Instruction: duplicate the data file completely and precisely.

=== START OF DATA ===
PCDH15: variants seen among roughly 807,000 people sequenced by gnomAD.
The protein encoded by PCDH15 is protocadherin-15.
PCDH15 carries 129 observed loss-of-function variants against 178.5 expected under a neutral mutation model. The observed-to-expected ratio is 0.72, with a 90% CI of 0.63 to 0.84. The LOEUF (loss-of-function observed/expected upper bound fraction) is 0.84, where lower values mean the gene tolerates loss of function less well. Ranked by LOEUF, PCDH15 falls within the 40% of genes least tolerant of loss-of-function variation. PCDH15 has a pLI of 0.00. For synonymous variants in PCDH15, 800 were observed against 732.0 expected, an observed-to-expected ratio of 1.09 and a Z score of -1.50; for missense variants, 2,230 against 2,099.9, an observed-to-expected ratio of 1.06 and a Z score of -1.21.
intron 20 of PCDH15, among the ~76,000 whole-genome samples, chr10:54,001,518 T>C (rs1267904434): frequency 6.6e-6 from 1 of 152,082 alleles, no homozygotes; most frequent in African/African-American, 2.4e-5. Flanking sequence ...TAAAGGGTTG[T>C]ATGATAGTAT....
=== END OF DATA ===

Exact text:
PCDH15: variants seen among roughly 807,000 people sequenced by gnomAD.
The protein encoded by PCDH15 is protocadherin-15.
PCDH15 carries 129 observed loss-of-function variants against 178.5 expected under a neutral mutation model. The observed-to-expected ratio is 0.72, with a 90% CI of 0.63 to 0.84. The LOEUF (loss-of-function observed/expected upper bound fraction) is 0.84, where lower values mean the gene tolerates loss of function less well. Ranked by LOEUF, PCDH15 falls within the 40% of genes least tolerant of loss-of-function variation. PCDH15 has a pLI of 0.00. For synonymous variants in PCDH15, 800 were observed against 732.0 expected, an observed-to-expected ratio of 1.09 and a Z score of -1.50; for missense variants, 2,230 against 2,099.9, an observed-to-expected ratio of 1.06 and a Z score of -1.21.
intron 20 of PCDH15, among the ~76,000 whole-genome samples, chr10:54,001,518 T>C (rs1267904434): frequency 6.6e-6 from 1 of 152,082 alleles, no homozygotes; most frequent in African/African-American, 2.4e-5. Flanking sequence ...TAAAGGGTTG[T>C]ATGATAGTAT....